The Words of My Mouth


Image by Beverly Buckley from Pixabay

May the words of my mouth . . . be pleasing in your sight, O LORD. – Psalm 19:14 NIV

At our house, Thursday is leftover day, meaning supper is whatever is left over from meals earlier in the week.

One Wednesday a number of years ago, I made enough stewed tomatoes and macaroni, one of my husband’s favorite meals, to fill his still-a-farmboy stomach and a 2 ½-quart casserole dish with leftovers.

Thursday’s supper, I figured, would be easy: pop the casserole in the nuke, shake packaged salad into bowls, and throw a loaf of fresh bread and soft butter on the table. Nice and quick—just what I needed on grocery day.

But when I was in town that Thursday, a “fresh corn” sign caught my eye. I envisioned steaming yellow cobs dripping with melted butter on our supper plates beside the leftover stewed tomatoes and macaroni. And I pictured a delighted look on my husband’s face.

I’ll surprise him, I thought, flicking on my blinker and turning into the parking lot.

When Dean called to say he was on his way home from work, I had the water boiling and the corn husked, ready to drop into the pot. But his reaction wasn’t what I expected. He didn’t rave about the corn—nary a word about it.

“What’s wrong?” I asked when we sat down at the table. After being married to the guy for more than half my life, I’m pretty good at reading his body language.

“Nothing,” he said.

I gave him my best “I know better than that” look.

“The corn is sweet,” he said, “and the macaroni is, too. You know I don’t like something sweet with something else that’s sweet.”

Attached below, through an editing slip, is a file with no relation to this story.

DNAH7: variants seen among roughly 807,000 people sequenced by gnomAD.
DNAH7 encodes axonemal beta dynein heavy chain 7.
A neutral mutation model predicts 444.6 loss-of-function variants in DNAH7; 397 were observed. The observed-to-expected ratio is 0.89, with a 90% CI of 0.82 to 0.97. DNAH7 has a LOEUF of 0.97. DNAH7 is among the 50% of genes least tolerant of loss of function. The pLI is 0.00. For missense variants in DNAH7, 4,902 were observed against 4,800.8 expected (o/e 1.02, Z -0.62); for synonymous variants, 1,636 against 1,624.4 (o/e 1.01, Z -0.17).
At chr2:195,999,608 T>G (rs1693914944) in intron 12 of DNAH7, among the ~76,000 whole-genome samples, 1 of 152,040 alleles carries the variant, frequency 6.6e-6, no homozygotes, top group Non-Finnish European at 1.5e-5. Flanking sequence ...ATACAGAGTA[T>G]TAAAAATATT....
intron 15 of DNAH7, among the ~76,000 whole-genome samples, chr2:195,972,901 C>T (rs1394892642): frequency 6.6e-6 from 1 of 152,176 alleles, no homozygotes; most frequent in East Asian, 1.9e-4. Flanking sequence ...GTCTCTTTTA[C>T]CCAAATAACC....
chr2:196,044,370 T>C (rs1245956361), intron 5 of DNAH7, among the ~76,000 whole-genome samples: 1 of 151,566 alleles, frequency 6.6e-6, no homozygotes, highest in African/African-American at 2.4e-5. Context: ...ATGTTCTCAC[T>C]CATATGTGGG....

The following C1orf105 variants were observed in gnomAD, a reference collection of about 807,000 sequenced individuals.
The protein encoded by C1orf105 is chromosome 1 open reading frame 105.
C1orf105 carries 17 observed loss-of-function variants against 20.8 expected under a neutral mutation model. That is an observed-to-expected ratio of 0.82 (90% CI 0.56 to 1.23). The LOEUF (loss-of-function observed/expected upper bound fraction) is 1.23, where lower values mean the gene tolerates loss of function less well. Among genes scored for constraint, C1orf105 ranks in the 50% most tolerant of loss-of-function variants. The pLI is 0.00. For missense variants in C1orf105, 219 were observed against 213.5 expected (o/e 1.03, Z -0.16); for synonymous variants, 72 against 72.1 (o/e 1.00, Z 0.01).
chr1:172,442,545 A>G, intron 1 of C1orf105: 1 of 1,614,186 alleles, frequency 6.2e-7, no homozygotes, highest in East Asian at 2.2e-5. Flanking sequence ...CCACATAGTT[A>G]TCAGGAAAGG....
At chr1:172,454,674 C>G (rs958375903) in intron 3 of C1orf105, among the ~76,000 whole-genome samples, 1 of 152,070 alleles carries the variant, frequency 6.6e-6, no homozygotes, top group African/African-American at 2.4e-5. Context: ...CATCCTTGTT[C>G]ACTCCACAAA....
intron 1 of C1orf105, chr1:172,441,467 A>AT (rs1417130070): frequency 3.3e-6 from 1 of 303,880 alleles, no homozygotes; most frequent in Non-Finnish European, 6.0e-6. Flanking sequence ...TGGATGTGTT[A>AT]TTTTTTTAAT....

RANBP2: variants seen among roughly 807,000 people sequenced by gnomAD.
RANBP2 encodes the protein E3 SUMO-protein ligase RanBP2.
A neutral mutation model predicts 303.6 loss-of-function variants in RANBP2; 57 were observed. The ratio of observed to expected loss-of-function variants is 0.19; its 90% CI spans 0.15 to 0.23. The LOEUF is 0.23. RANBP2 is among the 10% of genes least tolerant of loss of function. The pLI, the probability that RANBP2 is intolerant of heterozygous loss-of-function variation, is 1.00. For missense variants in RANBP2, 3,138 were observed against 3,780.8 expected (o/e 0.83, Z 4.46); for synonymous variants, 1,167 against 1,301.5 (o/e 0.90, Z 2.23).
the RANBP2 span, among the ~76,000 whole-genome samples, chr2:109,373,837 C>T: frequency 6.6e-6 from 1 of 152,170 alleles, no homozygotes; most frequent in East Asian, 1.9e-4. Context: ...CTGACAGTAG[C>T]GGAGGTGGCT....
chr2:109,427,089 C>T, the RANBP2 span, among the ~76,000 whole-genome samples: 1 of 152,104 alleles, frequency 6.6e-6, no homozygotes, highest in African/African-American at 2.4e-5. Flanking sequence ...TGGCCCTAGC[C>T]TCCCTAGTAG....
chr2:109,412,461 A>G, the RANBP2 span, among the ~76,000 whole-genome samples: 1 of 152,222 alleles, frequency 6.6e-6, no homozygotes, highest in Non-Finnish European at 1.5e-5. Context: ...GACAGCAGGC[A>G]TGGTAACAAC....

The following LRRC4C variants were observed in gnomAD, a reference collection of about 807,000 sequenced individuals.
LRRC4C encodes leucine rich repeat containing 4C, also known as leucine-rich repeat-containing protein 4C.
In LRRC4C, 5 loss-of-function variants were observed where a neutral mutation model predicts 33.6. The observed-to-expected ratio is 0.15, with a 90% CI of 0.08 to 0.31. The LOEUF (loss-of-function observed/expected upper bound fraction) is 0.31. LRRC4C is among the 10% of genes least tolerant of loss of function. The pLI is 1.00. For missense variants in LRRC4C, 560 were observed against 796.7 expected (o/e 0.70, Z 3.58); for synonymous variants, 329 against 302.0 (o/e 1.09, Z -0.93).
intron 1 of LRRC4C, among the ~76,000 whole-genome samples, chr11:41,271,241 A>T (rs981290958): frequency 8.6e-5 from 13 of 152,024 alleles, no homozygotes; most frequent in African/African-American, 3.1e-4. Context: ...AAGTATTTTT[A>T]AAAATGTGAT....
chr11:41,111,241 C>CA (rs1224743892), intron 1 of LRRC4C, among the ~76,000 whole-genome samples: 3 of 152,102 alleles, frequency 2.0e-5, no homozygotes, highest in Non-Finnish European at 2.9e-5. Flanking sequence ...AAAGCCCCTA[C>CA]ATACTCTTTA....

Sure it’s sweet, I wanted to say, with all the sugar you dump on the macaroni. Instead I said, with just a touch of sarcasm, “Thanks, Michele, for thinking of the fresh corn. It hits the spot.”

Now, my husband doesn’t have a mean bone in his body. He’s honest to a fault. He’ll never tell me, for example, that I look nice just to make me feel good. But, gee, can’t he lie just a little once in awhile?

Perhaps I’m too sensitive, but I’m not alone in this longing to be appreciated.

“There is more hunger in the world for love and appreciation than for bread,” Mother Teresa once said.

St. Paul instructed the early church to “let everything you say be good and helpful, so that your words will be an encouragement to those who hear them” (Ephesians 4:29 NLT).

Like oil on squeaky hinges, a few words of appreciation can go a long way—in building up relationships, soothing a battered spirit, refreshing a weary soul, and putting a smile on a sad face. I can get a lot of mileage out of one compliment.

“Pleasant words are a honeycomb,” penned the writer of Proverbs, “sweet to the soul and healing to the bones” (Proverbs 16:24).

Sweet words of appreciation—who in your world can use them today?

Open my eyes, Lord, to the many kindnesses others show to me every day—and remind me to express my appreciation often. Amen.

Read and reflect on Luke 17:11–19

 © 2009, 2019 Michele Huey. All rights reserved.

Let Me Count the Ways



The greatest of these is love. – ­1 Corinthians 13:13 (NIV)

“How do I love thee? Let me count the ways . . .” begins one of the most famous sonnets by nineteenth-century British poet Elizabeth Barrett Browning.

“Wait a minute!” you say. “Valentine’s Day is over. Shouldn’t you have written about love  last week?”

Yes. And no.